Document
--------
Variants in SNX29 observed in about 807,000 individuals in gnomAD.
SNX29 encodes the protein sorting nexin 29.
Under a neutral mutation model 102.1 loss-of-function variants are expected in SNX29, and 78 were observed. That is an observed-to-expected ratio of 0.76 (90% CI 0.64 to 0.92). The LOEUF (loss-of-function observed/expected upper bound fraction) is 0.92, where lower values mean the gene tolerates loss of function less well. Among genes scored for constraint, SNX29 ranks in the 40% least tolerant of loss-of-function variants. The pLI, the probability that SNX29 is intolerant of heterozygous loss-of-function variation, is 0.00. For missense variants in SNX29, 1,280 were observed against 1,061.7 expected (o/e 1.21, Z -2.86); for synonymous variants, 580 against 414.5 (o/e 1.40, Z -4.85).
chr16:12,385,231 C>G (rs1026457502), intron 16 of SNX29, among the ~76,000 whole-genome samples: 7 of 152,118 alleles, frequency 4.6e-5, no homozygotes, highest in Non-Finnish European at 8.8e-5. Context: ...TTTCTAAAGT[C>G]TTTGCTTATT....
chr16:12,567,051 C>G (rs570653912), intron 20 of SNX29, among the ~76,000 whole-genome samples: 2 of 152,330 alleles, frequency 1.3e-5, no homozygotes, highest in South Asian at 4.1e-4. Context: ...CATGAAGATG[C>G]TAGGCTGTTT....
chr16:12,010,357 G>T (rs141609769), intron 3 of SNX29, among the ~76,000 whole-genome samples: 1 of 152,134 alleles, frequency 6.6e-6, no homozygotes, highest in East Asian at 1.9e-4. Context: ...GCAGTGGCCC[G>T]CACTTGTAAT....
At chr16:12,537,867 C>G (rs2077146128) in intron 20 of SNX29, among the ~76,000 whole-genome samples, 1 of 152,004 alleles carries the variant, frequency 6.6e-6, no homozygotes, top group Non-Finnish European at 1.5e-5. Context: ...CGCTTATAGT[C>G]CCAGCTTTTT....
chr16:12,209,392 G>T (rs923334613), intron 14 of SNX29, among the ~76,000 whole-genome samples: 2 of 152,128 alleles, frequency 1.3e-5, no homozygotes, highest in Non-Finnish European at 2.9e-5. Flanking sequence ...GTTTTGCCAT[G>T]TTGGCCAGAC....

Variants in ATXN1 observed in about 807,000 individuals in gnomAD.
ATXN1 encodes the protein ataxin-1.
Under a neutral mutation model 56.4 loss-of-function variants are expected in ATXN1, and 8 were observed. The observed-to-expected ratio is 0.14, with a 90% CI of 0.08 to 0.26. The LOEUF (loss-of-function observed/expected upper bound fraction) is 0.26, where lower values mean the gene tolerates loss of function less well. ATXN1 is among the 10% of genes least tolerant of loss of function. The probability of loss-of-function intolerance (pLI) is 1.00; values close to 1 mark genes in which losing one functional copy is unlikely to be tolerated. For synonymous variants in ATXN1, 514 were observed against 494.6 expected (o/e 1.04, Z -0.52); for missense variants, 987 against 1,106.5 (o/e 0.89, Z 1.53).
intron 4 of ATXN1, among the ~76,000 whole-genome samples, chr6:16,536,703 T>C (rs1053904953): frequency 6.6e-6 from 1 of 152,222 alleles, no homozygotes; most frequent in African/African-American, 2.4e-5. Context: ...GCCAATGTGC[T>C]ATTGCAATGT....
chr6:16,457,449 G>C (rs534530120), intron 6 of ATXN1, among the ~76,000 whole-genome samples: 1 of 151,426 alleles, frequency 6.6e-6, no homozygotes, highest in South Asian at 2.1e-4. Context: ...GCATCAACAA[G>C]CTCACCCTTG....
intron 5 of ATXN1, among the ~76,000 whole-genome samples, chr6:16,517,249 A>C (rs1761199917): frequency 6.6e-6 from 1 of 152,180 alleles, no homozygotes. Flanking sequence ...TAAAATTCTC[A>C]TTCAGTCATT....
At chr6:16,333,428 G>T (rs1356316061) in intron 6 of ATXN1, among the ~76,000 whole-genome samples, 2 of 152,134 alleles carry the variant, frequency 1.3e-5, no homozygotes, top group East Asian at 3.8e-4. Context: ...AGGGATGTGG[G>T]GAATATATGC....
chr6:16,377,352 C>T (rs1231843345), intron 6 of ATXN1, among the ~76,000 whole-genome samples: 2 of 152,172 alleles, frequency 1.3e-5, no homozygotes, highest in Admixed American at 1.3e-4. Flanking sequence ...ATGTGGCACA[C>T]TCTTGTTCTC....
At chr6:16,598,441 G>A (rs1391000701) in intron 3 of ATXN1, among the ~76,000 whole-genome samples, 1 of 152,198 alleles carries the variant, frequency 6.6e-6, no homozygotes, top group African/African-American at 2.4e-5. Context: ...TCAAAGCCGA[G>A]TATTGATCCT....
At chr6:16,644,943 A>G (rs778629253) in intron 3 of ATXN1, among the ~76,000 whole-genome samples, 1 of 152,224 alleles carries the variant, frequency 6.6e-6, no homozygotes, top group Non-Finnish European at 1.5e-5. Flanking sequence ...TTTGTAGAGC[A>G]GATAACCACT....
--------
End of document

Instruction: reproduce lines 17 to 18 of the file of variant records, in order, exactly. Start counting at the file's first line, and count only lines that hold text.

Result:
At chr6:16,598,441 G>A (rs1391000701) in intron 3 of ATXN1, among the ~76,000 whole-genome samples, 1 of 152,198 alleles carries the variant, frequency 6.6e-6, no homozygotes, top group African/African-American at 2.4e-5. Context: ...TCAAAGCCGA[G>A]TATTGATCCT....
At chr6:16,644,943 A>G (rs778629253) in intron 3 of ATXN1, among the ~76,000 whole-genome samples, 1 of 152,224 alleles carries the variant, frequency 6.6e-6, no homozygotes, top group Non-Finnish European at 1.5e-5. Flanking sequence ...TTTGTAGAGC[A>G]GATAACCACT....